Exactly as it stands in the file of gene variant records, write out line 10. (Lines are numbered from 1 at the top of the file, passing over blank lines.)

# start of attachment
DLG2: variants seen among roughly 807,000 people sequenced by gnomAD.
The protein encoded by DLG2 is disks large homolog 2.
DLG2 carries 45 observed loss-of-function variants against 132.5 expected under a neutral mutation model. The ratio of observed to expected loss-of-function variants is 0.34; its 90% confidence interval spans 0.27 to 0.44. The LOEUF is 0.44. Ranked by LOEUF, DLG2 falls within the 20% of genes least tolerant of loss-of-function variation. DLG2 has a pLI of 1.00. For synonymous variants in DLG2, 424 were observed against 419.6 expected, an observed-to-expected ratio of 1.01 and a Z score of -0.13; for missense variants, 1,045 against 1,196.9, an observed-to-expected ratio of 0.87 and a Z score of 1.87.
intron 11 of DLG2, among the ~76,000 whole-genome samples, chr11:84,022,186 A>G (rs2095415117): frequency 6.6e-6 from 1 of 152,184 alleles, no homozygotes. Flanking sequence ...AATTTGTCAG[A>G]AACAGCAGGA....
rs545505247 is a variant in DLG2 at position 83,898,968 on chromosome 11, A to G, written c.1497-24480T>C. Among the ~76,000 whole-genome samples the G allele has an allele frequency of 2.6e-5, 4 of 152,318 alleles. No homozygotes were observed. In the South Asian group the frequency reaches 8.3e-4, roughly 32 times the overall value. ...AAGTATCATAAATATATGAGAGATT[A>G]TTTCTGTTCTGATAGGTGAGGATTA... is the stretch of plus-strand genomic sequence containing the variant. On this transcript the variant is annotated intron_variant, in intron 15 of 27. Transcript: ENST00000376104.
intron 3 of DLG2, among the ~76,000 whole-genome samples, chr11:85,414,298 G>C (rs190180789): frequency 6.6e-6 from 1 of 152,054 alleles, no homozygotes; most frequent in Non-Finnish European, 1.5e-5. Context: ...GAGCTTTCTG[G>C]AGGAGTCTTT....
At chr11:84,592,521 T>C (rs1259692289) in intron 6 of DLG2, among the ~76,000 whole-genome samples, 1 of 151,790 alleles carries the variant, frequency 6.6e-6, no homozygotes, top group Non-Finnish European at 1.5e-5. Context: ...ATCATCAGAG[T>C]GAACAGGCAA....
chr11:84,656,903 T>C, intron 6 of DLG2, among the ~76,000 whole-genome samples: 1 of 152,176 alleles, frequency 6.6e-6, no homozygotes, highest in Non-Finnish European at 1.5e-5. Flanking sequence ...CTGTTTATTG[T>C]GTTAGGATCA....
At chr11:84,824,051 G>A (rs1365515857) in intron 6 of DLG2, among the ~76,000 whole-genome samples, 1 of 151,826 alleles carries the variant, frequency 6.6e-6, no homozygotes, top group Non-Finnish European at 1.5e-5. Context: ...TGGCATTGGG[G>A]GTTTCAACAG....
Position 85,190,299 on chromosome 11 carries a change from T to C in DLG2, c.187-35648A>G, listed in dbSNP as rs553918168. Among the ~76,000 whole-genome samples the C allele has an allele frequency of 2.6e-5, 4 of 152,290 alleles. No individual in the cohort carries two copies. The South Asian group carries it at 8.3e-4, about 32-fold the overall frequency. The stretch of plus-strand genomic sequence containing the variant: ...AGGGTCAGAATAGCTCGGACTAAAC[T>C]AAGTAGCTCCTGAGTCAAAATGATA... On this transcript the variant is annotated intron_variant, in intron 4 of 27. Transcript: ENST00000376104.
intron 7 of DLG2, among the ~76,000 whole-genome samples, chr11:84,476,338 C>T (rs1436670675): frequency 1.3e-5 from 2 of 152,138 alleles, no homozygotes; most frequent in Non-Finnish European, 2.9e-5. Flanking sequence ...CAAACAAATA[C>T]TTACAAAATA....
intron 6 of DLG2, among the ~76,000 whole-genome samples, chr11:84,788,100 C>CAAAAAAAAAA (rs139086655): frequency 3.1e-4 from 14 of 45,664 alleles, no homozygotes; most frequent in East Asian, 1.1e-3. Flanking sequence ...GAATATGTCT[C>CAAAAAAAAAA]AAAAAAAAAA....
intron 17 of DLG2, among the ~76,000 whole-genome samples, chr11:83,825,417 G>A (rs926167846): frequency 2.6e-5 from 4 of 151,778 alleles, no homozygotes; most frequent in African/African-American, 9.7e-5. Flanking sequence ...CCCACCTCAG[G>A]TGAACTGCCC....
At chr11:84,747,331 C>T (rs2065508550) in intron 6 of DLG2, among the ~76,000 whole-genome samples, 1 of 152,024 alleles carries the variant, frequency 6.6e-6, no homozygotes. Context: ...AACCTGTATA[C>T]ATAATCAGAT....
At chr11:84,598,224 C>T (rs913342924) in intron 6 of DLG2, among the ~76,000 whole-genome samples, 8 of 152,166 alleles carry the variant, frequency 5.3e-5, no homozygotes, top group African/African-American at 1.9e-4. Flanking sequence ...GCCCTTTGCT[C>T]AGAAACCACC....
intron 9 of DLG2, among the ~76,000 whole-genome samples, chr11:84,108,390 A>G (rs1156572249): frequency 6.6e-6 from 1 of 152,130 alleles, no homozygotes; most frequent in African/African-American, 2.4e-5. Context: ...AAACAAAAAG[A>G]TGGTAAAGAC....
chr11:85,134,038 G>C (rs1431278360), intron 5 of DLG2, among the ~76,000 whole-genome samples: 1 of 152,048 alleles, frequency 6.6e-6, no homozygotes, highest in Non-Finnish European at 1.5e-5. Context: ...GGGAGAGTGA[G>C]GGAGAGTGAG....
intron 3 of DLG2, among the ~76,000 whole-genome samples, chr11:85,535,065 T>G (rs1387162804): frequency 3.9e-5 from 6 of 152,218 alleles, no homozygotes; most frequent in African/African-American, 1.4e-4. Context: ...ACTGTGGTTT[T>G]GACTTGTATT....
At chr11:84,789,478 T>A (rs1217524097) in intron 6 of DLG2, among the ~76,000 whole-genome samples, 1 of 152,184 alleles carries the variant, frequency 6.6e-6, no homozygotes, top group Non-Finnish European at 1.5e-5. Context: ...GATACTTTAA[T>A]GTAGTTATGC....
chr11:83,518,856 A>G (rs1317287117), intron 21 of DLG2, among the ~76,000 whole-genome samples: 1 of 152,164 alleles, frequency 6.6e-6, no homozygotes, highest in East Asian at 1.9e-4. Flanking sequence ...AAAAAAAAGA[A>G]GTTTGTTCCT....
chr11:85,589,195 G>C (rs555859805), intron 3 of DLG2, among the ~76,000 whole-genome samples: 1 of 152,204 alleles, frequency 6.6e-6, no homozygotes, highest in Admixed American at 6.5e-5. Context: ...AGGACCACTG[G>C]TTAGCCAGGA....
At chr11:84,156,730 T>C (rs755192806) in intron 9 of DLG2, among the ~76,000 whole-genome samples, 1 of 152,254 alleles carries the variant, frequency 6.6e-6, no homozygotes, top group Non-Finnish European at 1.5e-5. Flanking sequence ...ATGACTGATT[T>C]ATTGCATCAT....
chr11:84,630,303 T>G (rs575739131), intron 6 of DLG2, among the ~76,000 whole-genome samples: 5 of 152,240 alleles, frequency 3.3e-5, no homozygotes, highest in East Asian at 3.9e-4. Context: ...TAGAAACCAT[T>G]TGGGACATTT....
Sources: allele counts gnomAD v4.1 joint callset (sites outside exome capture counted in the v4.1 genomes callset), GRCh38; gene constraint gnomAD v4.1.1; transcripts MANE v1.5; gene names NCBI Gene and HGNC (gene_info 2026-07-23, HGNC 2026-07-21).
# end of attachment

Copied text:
Position 85,190,299 on chromosome 11 carries a change from T to C in DLG2, c.187-35648A>G, listed in dbSNP as rs553918168. Among the ~76,000 whole-genome samples the C allele has an allele frequency of 2.6e-5, 4 of 152,290 alleles. No individual in the cohort carries two copies. The South Asian group carries it at 8.3e-4, about 32-fold the overall frequency. The stretch of plus-strand genomic sequence containing the variant: ...AGGGTCAGAATAGCTCGGACTAAAC[T>C]AAGTAGCTCCTGAGTCAAAATGATA... On this transcript the variant is annotated intron_variant, in intron 4 of 27. Transcript: ENST00000376104.